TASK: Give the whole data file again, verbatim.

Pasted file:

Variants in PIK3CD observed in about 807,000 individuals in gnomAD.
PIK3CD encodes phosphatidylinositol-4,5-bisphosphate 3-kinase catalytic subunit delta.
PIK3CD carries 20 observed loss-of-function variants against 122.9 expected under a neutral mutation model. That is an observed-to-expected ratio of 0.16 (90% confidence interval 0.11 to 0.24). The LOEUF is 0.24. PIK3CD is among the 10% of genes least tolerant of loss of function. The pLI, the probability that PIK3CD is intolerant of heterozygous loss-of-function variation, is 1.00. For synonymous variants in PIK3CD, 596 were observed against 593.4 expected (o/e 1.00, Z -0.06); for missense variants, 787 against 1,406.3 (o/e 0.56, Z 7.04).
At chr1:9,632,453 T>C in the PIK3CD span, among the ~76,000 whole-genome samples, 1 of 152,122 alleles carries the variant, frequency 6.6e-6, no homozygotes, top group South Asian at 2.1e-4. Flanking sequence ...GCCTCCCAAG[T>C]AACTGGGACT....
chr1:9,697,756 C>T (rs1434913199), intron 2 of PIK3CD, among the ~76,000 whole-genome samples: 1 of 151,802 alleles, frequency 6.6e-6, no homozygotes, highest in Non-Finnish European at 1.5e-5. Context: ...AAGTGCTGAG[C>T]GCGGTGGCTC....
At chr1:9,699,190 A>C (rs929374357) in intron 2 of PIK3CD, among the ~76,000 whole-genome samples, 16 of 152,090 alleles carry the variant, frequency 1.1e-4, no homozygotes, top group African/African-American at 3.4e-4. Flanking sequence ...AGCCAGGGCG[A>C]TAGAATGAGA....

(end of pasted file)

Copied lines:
Variants in PIK3CD observed in about 807,000 individuals in gnomAD.
PIK3CD encodes phosphatidylinositol-4,5-bisphosphate 3-kinase catalytic subunit delta.
PIK3CD carries 20 observed loss-of-function variants against 122.9 expected under a neutral mutation model. That is an observed-to-expected ratio of 0.16 (90% confidence interval 0.11 to 0.24). The LOEUF is 0.24. PIK3CD is among the 10% of genes least tolerant of loss of function. The pLI, the probability that PIK3CD is intolerant of heterozygous loss-of-function variation, is 1.00. For synonymous variants in PIK3CD, 596 were observed against 593.4 expected (o/e 1.00, Z -0.06); for missense variants, 787 against 1,406.3 (o/e 0.56, Z 7.04).
At chr1:9,632,453 T>C in the PIK3CD span, among the ~76,000 whole-genome samples, 1 of 152,122 alleles carries the variant, frequency 6.6e-6, no homozygotes, top group South Asian at 2.1e-4. Flanking sequence ...GCCTCCCAAG[T>C]AACTGGGACT....
chr1:9,697,756 C>T (rs1434913199), intron 2 of PIK3CD, among the ~76,000 whole-genome samples: 1 of 151,802 alleles, frequency 6.6e-6, no homozygotes, highest in Non-Finnish European at 1.5e-5. Context: ...AAGTGCTGAG[C>T]GCGGTGGCTC....
At chr1:9,699,190 A>C (rs929374357) in intron 2 of PIK3CD, among the ~76,000 whole-genome samples, 16 of 152,090 alleles carry the variant, frequency 1.1e-4, no homozygotes, top group African/African-American at 3.4e-4. Flanking sequence ...AGCCAGGGCG[A>C]TAGAATGAGA....